I am fond of Fialta; I am fond of it because I feel in the hollow of those violaceous syllables the sweet dark dampness of the most rumpled of small flowers, and because the altolike name of a lovely Crimean town is echoed by its viola.
It is, one supposes, of paramount importance that the town named in the title of this story does not exist; well actually, if you subscribe to the opinions contained therein, that's not entirely true. Fialta represents the loving combination of geography and memory, the extirpation of a pleasant scene from a place now long forsaken to a greener pasture where real, forceful, and elegant life can bloom anew. And what time could be better to regain a lost love than amidst the fragrant fog of spring? That would depend, it seems, on the mnemonic forces at your disposal.
Our year is 1932 and our protagonist is a Russian-born businessman by the name of Victor. He may be handsome, obsequious, wealthy, or intriguing – we're not quite sure. The only information available summarizes his family life ("I had left my wife and children at home, and that was an island of happiness always present in the clear north of my being," one of the greatest sentences in the English language) and his intermittent fling with a thin, dark girl he calls Nina. Nina and he meet, he recalls with some certitude, amidst the upheaval of the year 1917, astride a wintry red barn belonging to nobility and the nineteenth-century storytellers that had poised Russia on the brink of becoming the world's greatest literary tradition. In that first encounter caresses are exchanged before names, their soundtrack being "that crunch-crunch-crunch which is the only comment that a taciturn winter night makes upon humans." The second tryst is at a Berlin cocktail party years later; Victor is now almost married, whereas Nina has left her "incredibly well-bred and stolid" fiancé. The third and fourth encounters are so boilerplate (a German train station where they barely touch; a Paris hotel room where they barely speak) that some readers might be repulsed by the treacly nature of the whole affair – and, as it were, they would not be wrong. Hints are generously sprinkled as to the fate of poor Nina, and among the imaginative hindsight is almost invariably clairvoyant. It is for that reason that, in Fialta, Victor takes Nina "back into the past, back into the past, as I did every time I met her." The past remains the only explanation for their intimacy ("How familiar to me were her hesitations, second thoughts, third thoughts mirroring first ones, ephemeral worries between trains"), for the difference between their interaction and that of two verbal strangers. Victor's recollections have at once the sheen of fiction and romanticized truth, a dichotomy that does not have to be as disparate as it sounds – but we will return to that point. And in that past, and sadly in the present as well, lurks a Franco-Hungarian writer, Ferdinand, who just so happens to be Nina's husband.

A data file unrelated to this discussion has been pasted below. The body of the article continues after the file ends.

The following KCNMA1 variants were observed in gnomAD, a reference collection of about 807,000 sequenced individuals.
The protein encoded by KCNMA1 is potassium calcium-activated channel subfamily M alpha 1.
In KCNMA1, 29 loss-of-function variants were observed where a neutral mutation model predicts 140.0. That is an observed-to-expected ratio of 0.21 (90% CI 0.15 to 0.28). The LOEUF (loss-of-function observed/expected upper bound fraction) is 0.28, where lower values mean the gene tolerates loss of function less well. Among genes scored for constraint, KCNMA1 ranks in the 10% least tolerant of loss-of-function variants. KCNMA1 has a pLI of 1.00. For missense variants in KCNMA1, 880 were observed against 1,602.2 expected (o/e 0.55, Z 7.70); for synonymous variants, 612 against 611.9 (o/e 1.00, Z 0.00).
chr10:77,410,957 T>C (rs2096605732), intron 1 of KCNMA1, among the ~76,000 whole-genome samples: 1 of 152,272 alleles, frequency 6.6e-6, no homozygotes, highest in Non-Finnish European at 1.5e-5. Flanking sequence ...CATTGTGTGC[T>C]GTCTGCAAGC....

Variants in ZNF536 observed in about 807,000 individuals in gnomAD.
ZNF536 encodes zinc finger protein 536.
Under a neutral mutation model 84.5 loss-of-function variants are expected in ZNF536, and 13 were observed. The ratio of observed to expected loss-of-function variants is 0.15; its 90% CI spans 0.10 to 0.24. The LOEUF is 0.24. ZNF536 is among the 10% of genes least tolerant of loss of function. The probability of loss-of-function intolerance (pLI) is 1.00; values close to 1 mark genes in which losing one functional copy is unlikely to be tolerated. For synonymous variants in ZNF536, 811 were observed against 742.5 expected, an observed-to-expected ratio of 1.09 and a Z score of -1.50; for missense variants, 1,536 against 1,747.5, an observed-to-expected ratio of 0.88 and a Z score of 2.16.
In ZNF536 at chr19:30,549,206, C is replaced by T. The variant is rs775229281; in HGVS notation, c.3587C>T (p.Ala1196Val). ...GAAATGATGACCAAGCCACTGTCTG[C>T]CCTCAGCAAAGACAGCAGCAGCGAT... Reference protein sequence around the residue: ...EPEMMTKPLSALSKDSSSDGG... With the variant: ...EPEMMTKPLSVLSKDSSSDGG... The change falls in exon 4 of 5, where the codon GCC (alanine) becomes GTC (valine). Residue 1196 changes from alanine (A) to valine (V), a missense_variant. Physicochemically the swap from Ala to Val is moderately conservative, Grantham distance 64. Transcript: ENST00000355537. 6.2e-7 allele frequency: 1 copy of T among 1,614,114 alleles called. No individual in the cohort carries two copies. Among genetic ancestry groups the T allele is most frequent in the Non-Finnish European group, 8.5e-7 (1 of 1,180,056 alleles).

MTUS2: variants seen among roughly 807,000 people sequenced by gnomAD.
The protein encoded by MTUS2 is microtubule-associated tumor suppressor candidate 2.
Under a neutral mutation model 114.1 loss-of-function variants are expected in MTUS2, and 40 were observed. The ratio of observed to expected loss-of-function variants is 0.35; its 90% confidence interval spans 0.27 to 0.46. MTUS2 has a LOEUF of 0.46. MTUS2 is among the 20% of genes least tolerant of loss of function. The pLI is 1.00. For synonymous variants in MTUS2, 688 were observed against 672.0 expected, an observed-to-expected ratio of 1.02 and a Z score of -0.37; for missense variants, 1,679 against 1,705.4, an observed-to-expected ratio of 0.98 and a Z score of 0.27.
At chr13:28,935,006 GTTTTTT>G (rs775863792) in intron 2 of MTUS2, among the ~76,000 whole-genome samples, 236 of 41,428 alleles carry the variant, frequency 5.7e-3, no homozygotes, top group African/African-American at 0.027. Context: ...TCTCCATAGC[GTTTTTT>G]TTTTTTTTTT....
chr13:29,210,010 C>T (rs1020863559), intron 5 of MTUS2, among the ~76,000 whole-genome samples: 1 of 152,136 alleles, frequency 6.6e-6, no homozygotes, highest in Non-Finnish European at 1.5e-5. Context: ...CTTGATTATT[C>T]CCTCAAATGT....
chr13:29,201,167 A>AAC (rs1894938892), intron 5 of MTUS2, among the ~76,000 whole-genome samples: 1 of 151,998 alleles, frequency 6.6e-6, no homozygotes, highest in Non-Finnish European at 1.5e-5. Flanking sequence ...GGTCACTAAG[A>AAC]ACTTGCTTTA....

As the man that Nina chooses, at least legally, as her companion, Ferdinand wallows in the ephemeral fame so commonly incident to the second-rate writer. In fact, the description furnished by Victor suggests that this needn't have been his fate: